Most of the time, except for the chairman and executive directors on the committee, other members do not understand credit, said a retired senior public sector banker. Further members on the committee keep getting shuffled, so it becomes a “management-show.” this banker said.

A senior lawyer, who deals closely with the financial sector, added that few, even at the board level, will oppose a proposal put forth by the senior management. Describing this as a ‘cultural problem, the lawyer said that if the chairman or senior management are comfortable with a proposal, other members of the committee will eventually go along with it.

Sunil Shrivastava, former deputy managing director at State Bank of India took a different view. According to him, there are enough checks and balances in place.

“Normally the people making the decisions are not connected with the credit and, at least in public sector banks, no single member of the committee can take a call. If there is any conflict of interest , the concerned member, usually an independent director in public sector banks, recuses himself,” said Shrivastava. He said it is only after a rigorous process and unanimous consensus that a loan sanctioned.

But even if, for instance ICICI’s credit committees, did not function as effectively as they should have, does the CBI have enough grounds to investigate?

Shantonu Sen, former joint director of the CBI said that officials cannot be questioned for sanctioning of a loan or even a loan turning into an NPA. It is the quid pro quo that becomes the offence, Sen said. So far, the CBI in its FIR has alleged quid pro quo only in the case of Chanda Kochhar. While saying that members of these crucial credit committees may be investigated, the CBI did not suggest any quid pro quo on the part of the other ICICI Bank officials.

Do Rules Need To Be Tightened?

While the CBI may or may not eventually find reason to expand its investigations in the ICICI-Videocon loan case, the episode may draw attention to the rules governing credit decisions.

At present, the RBI prescribes only a broad framework within which these committees functions. The final terms of reference for these committees are set by individual banks.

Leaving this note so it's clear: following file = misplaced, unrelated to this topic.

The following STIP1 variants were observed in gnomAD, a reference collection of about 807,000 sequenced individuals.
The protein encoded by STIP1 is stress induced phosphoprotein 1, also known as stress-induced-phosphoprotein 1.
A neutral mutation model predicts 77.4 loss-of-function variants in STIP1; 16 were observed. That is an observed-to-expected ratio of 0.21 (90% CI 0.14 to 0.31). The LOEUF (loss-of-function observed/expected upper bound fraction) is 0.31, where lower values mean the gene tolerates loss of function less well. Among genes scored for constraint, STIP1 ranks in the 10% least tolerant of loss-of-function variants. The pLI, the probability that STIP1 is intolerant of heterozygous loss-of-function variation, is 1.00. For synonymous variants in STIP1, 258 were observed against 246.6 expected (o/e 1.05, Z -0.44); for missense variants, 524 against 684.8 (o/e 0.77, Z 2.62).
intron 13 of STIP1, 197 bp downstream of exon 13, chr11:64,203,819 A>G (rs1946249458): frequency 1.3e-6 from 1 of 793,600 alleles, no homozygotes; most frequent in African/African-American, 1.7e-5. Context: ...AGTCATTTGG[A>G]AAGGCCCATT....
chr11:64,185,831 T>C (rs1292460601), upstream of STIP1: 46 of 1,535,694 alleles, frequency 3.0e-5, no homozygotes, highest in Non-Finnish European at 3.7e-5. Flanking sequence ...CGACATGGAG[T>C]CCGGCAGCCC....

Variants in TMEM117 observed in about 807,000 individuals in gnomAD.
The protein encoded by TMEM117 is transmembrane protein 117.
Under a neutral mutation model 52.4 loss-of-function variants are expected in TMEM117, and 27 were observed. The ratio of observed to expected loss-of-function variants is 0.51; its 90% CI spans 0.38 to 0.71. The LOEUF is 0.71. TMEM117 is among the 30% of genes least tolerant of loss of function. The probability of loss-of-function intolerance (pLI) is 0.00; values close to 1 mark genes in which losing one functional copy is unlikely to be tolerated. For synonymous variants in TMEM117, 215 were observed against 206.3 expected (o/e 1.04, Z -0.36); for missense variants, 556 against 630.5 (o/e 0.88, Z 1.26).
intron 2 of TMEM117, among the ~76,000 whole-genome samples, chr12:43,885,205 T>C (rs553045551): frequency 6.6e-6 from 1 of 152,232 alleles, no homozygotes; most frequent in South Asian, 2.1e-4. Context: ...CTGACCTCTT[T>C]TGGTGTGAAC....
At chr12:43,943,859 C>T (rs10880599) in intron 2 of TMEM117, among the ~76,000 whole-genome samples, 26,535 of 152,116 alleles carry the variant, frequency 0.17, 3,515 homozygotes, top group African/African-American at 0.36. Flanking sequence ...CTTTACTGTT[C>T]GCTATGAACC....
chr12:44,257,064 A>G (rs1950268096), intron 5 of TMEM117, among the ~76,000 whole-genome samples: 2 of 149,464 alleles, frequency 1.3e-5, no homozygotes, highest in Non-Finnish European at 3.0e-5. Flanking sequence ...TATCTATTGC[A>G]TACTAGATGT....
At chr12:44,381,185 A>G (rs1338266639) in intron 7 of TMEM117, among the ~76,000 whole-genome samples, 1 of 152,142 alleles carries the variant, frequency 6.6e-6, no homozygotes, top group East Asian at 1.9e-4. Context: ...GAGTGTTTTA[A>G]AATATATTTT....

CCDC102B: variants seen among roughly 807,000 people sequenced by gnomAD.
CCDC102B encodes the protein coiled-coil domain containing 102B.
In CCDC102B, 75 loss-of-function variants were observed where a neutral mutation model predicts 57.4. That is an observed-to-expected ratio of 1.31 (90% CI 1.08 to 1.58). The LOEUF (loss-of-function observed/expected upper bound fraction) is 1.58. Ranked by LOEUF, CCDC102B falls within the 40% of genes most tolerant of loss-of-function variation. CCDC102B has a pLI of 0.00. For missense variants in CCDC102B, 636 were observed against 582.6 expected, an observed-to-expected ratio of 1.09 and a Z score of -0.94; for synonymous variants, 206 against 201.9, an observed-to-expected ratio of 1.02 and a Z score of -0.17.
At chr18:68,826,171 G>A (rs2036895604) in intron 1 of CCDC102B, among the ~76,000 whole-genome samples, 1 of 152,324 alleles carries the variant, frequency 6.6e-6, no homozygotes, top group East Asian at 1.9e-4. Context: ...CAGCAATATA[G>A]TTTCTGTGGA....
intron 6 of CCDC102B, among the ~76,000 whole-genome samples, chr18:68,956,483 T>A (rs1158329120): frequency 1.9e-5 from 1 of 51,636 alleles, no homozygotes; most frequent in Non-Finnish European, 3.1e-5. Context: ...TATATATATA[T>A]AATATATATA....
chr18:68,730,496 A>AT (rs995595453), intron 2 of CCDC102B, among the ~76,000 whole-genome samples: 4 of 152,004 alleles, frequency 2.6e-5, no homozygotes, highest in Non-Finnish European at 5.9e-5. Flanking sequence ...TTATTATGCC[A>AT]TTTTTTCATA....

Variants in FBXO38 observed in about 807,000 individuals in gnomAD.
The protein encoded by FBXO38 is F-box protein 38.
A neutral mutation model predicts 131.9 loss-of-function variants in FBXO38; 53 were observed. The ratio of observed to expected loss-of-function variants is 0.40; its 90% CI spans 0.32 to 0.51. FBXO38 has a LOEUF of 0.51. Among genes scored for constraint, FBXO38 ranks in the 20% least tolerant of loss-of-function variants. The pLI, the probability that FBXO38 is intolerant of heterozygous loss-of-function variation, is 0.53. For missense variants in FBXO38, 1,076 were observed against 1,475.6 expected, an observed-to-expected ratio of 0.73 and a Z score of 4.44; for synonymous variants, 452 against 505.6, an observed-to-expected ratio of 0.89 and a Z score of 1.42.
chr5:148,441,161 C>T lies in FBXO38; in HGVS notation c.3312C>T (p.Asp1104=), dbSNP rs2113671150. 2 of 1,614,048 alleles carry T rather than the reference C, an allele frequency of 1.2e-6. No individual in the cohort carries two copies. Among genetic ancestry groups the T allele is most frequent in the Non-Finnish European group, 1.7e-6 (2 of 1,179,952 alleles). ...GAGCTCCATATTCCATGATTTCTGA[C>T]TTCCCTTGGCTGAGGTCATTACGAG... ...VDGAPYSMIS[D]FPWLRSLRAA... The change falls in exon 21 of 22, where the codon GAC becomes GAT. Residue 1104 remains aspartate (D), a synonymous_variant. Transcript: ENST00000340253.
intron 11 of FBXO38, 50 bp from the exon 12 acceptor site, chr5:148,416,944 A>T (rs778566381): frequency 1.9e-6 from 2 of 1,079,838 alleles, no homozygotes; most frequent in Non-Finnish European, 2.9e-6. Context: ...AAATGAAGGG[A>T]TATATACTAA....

Most banks have up to three core Credit Approval Committees—taking decisions at the regional, zonal or circle level and a senior executive level—which are headed by the senior most bankers at that organisation level. These committees have loan-sanction limits set by the bank’s overall credit policy and depending on their size banks may choose to have several layers of committees.

Large public sector banks and foreign banks typically have over 5-6 layers of committees—from credit and risk analysis at each branch or regional level to board level committees—overlooking one loan proposal. Private banks on average have less fewer layers.

The lower the loan value you can automate the process based on scoring, but as the loan value becomes bigger you cannot reduce it to a formula. It is the individual [bank’s] bespoke decision, while there is general guidance from the RBI for credit appraisals and what considerations should be made before approvals.
R Gandhi, Former Deputy Governor, Reserve Bank of India

The RBI can call on the minutes of these meetings if required but does not scrutinise them on a regular basis.

Is more active supervision of credit committee decisions needed?

No RBI supervisor is meant to do micro-management, said S.S. Mundra, former deputy governor at the Reserve Bank of India. “It is ridiculous to expect the RBI to look at every decision and supervise every branch. It is not possible to check all minutes. As with all audits it is conducted on a sample basis,” Mundra said.